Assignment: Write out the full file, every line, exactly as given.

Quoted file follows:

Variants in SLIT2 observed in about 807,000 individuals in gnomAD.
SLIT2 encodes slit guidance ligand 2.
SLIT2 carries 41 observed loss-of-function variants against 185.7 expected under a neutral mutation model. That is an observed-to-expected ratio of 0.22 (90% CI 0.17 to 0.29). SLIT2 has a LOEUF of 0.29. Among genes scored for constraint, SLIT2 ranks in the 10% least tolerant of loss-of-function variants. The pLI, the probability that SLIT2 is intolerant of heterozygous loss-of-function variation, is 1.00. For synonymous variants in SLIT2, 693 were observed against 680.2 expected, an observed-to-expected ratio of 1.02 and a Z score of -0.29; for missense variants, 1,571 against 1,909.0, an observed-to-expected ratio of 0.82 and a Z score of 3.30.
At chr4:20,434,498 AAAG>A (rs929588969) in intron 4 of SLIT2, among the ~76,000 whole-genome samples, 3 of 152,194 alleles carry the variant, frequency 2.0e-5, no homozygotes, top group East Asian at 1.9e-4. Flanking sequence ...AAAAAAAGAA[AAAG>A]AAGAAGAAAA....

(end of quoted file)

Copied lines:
Variants in SLIT2 observed in about 807,000 individuals in gnomAD.
SLIT2 encodes slit guidance ligand 2.
SLIT2 carries 41 observed loss-of-function variants against 185.7 expected under a neutral mutation model. That is an observed-to-expected ratio of 0.22 (90% CI 0.17 to 0.29). SLIT2 has a LOEUF of 0.29. Among genes scored for constraint, SLIT2 ranks in the 10% least tolerant of loss-of-function variants. The pLI, the probability that SLIT2 is intolerant of heterozygous loss-of-function variation, is 1.00. For synonymous variants in SLIT2, 693 were observed against 680.2 expected, an observed-to-expected ratio of 1.02 and a Z score of -0.29; for missense variants, 1,571 against 1,909.0, an observed-to-expected ratio of 0.82 and a Z score of 3.30.
At chr4:20,434,498 AAAG>A (rs929588969) in intron 4 of SLIT2, among the ~76,000 whole-genome samples, 3 of 152,194 alleles carry the variant, frequency 2.0e-5, no homozygotes, top group East Asian at 1.9e-4. Flanking sequence ...AAAAAAAGAA[AAAG>A]AAGAAGAAAA....